Precisely because our children are our most valuable form of human capital, early childhood education is one of the wisest investments we can make for a better future. Attention to access, equity and excellence in early childhood education reflects adherence to and investment in civil rights for all children. If we are to succeed in the future as we work together to make broad improvements to our educational system, we must consider deeper and more comprehensive approaches that focus on quality and outcomes, beginning with learning in the earliest years and reaching across the entire pre-K higher education continuum.
Now is the time for us to seriously consider making equal educational opportunity for all a civil right. President Obama at the National Action Network gala in April 2011 reiterated its importance: “The best possible education is the single most important factor in determining whether (our children) succeed. But it’s also what will determine whether we succeed. It’s the key to opportunity. It is the civil rights issue of our time.”
Documentary video (10:36 min) made by Emmy-award winning documentarian, Robert Currie, that presents a historical perspective of Head Start and Lady Bird Johnson’s involvement in both Head Start and the war on poverty. IDRA’s President, Dr. María “Cuca” Robledo Montecel, is one of those interviewed in the video.
Semillitas de aprendizaje ~ Bilingual Supplemental Early Childhood Curriculum
Semillitas de aprendizaje is a bilingual (Spanish/English) supplemental early childhood curriculum by IDRA that is based on the art of storytelling. Its culturally-relevant stories are for children to listen, view and then read along. Children eventually begin to repeat the stories and learn the art of creating their own stories as well as recite poetry. See flier about the materials or the website.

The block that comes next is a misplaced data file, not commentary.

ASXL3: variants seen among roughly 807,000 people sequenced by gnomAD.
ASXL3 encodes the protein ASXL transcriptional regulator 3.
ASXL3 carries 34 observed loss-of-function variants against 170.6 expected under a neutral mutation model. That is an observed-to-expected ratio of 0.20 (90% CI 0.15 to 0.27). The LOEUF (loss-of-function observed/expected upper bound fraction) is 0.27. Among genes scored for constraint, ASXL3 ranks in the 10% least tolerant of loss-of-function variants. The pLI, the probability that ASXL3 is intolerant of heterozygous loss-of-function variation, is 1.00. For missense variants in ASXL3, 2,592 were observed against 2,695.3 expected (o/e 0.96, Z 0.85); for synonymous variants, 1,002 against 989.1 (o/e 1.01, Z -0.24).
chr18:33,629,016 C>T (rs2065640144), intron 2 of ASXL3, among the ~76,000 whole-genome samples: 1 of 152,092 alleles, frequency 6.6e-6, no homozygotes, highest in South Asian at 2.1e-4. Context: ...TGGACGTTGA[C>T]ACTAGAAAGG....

Jennings, J. Reflections on a Half-Century of School Reform: Why Have We Fallen Short and Where Do We Go From Here? (Washington, D.C.: Center on Education Policy, 2012)
Robledo Montecel, M., & C. Goodman. Courage to Connect: A Quality Schools Action Framework™ (San Antonio, Texas: Intercultural Development Research Association, 2010).
Rodríguez, R.J. Remarks to the National Association for the Education of Young Children Public Policy Forum, unpublished (February 28, 2012).
White House. Remarks by the President at the National Action Network Annual Gala (Washington, D.C.: White House, April 06, 2011).
Rosana Rodriguez, Ph.D., is the IDRA director of development. Comments and questions may be directed to her via email at firstname.lastname@example.org.
[©2013, IDRA. This article originally appeared in the February 2013 IDRA Newsletter by the Intercultural Development Research Association. Permission to reproduce this article is granted provided the article is reprinted in its entirety and proper credit is given to IDRA and the author.]